Nearshoring in Latin America and the Caribbean could increase exports of goods and services from the region by up to US $78 billion, with Central American and Caribbean economies particular beneficiaries, according to projections made by the Inter-American Development Bank (IDB).
The automotive, textile, pharmaceutical, and renewable energy industries stand to benefit significantly, IDB President Mauricio Claver-Carone reportedly said during an event held on the sidelines of the 2022 Summit of the Americas, being staged in Los Angeles between June 6 and June 10.
“Growing environmental concerns, coupled with the health crisis and Russia’s recent war in Ukraine, have created a context where the region can contribute to the global economy and the fight against inflation through increased participation in global supply chains in a sustainable and equitable manner” Claver-Carone was quoted as saying in an IDB press release.
The $78 billion figure is made up of an estimated $64 billion in goods and $14 billion in services, with the IDB analysis suggesting that Mexico stands to be a particularly big winner, with a potential increase in exports of goods totalling over $35 billion – or 55% of the total regional increase.
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Nearshoring in Latin America: greatest export increases in larger economies
While Mexico is the standout beneficiary based on the IDB projections, other major economies from the region are set to see the greatest increases in goods exports by total value.
They include Argentina ($3.91 billion), Brazil ($7.84 billion), and Colombia ($2.57 billion). Chile, Costa Rica, and the Dominican Republic, meanwhile, each stand to see exports of goods potentially rise by more than $1.5 billion.
The IDB analysis of nearshoring in Latin America includes likely short-term gains in exports to both the United States and rest of Latin America, as well as “medium-term opportunities.”
The report was provided to high ranking officials and business executives from around the Americas, as the IDB sought to highlight the potential for nearshoring to plug gaps in markets and supply chains at a time of considerable upheaval for international commerce.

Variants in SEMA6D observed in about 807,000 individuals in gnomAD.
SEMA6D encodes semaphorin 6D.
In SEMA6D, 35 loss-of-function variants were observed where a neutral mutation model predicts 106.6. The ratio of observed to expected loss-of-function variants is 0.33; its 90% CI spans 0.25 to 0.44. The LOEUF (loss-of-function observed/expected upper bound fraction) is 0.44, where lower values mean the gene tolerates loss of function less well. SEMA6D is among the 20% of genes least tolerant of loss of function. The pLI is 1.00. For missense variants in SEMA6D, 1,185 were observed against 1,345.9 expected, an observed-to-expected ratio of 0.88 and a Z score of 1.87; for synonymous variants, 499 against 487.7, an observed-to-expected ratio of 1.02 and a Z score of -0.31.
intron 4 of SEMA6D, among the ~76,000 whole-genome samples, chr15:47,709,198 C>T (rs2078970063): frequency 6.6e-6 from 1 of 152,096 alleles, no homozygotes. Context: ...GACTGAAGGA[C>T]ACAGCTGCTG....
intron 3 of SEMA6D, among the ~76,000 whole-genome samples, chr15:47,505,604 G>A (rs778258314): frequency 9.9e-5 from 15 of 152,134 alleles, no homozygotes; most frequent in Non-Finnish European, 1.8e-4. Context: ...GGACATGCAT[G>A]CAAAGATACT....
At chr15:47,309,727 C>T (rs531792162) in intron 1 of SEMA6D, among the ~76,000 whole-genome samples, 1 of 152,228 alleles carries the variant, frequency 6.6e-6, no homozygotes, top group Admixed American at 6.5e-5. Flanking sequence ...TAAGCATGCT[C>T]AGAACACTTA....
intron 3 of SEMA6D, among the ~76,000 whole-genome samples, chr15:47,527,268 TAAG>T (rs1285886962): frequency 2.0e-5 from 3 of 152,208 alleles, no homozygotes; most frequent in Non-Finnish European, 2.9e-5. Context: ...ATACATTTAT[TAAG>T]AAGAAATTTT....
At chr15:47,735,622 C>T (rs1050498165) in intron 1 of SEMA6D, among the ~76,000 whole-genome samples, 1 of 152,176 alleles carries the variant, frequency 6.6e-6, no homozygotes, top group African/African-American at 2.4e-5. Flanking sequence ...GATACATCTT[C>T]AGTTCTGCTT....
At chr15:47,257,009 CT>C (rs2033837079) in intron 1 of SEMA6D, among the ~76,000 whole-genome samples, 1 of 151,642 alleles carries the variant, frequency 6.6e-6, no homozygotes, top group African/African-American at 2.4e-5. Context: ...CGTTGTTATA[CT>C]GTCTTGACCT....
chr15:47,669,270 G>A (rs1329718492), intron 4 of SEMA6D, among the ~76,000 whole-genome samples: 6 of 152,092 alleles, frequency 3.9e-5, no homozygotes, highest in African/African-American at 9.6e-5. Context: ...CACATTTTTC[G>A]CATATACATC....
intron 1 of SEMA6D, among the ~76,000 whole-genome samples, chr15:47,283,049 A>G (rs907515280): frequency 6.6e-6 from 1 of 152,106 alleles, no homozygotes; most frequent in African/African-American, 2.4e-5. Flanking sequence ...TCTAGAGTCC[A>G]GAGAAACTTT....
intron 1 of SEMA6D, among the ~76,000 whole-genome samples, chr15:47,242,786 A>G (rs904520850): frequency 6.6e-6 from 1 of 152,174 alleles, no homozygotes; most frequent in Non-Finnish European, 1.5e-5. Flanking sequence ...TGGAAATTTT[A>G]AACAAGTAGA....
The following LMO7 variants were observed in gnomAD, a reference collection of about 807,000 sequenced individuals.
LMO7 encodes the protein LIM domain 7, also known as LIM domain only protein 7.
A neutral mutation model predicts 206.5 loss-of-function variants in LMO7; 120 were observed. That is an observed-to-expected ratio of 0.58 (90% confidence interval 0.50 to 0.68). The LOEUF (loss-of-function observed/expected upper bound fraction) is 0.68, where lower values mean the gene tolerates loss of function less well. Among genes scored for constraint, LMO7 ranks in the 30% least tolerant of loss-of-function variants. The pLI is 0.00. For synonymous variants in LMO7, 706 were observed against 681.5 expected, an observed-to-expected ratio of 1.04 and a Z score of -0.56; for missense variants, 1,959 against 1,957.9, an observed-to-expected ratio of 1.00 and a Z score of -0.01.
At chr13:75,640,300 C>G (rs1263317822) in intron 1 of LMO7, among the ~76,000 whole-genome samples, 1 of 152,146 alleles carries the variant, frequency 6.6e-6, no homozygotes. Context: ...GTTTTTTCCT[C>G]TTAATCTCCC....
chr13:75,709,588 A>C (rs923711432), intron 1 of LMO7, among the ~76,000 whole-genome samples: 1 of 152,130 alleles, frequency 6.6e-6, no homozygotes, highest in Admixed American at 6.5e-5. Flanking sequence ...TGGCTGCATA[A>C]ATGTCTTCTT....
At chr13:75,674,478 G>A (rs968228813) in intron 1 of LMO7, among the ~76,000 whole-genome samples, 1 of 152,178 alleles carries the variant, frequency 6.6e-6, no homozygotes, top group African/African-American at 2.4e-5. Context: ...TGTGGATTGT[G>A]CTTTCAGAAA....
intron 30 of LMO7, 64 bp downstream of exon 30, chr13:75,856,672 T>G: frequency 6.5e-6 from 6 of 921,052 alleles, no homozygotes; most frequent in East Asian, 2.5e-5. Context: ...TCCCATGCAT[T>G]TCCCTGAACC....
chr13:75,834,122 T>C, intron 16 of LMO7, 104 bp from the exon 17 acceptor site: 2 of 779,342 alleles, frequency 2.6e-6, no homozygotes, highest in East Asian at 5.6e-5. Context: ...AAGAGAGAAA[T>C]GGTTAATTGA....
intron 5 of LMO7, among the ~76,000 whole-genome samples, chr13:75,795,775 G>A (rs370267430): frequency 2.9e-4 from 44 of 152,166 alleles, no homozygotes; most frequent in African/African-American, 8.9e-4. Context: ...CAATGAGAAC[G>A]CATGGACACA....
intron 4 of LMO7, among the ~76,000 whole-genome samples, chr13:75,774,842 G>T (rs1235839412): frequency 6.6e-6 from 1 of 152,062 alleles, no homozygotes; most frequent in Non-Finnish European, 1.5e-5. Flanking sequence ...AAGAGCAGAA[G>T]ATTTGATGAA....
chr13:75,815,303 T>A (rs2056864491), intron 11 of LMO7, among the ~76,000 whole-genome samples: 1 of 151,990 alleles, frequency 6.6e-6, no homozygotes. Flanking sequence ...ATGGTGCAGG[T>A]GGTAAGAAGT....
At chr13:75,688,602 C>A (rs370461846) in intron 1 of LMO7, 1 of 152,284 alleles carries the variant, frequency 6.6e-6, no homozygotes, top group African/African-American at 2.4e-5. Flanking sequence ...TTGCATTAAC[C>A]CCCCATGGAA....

According to Claver-Carone, nearshoring promises to be a major part of regional economic recovery in the face of disruptions caused by the COVID-19 pandemic and ongoing conflict in Europe.
“This meeting is a demonstration that leaders from both the public and private sectors can put aside their differences to find ways to generate the jobs and well-being our people crave, and trade is one of the primary vehicles for accelerating our prosperity” he was quoted as saying.
Central American and Caribbean economies to see biggest boosts
While the larger economies of Latin America stand to see the greatest increases in exports by total value, an analysis of the IDB projections compared to the GDPs of each country reveals that it is actually Central American and Caribbean countries that stand to see their economies boosted most.
Beyond Mexico, for which the projected total increase in goods exports represents 3.3% of the country’s GDP, the total potential increases seen in the other five of the six largest economies in the region represent no more than 1% of GDP.
Those include Argentina (1%), Colombia (0.95%), Chile (0.72%), Peru (0.7%), and Brazil (0.54%), based on the latest GDP (2020) figures published by the World Bank.
Among the ten countries that stand to see the biggest increases in exports as a percentage of GDP, all except Mexico are Central American or Caribbean countries.
The countries that stand to see the biggest increases in exports of goods as a percentage of GDP include Guyana (7.31%), Honduras (5.25%), Nicaragua (4.5%), and El Salvador (4.26%).
Meanwhile, all of the top ten countries can expect to see increases in exports of goods total at least 2% of GDP – double the highest rate seen among major economies other than Mexico.
Nearshoring in Latin America: a growing trend with ready support
Nearshoring to Latin America has increased significantly over recent years, as growing costs associated with manufacturing in China have made the region increasingly attractive to not only US and Canadian companies, but also European firms.
That interest has surged in recent years, amid rising tensions between China and the United States since the mid 2010s, followed by major disruptions caused to international trade in the context of the COVID-19 pandemic – which swept the world during 2020.
More recently, Russia’s decision to invade Ukraine in early-2022 has caused yet more turmoil to the global economy and exposed vulnerabilities related to the reliance on goods and resources coming from afar.
Months before Russia invaded Ukraine in late-February, the IDB had implemented a program to encourage and assist companies to nearshore their value chains from Asia to Latin America.
Speaking in January, Claver-Carone announced that the IDB was offering funding based on the needs of individual companies, which could cover the likes of relocation, operations, or other aspects of the process.
He also emphasized that the initiative was not only aimed at North America and Latin American companies, but at countries from elsewhere that sought to benefit from relocating production and other facilities to Latin America and the Caribbean.
“I am not [just] talking about nearshoring, thinking only of the United States, but also of Spain. If there are Spanish companies that have invested their value chain in China or other Asian countries and want to transfer that chain to Latin America, the IDB will finance it. I believe that Europeans are beginning to see this as an opportunity,” he told Spanish newspaper El Mundo at the time.
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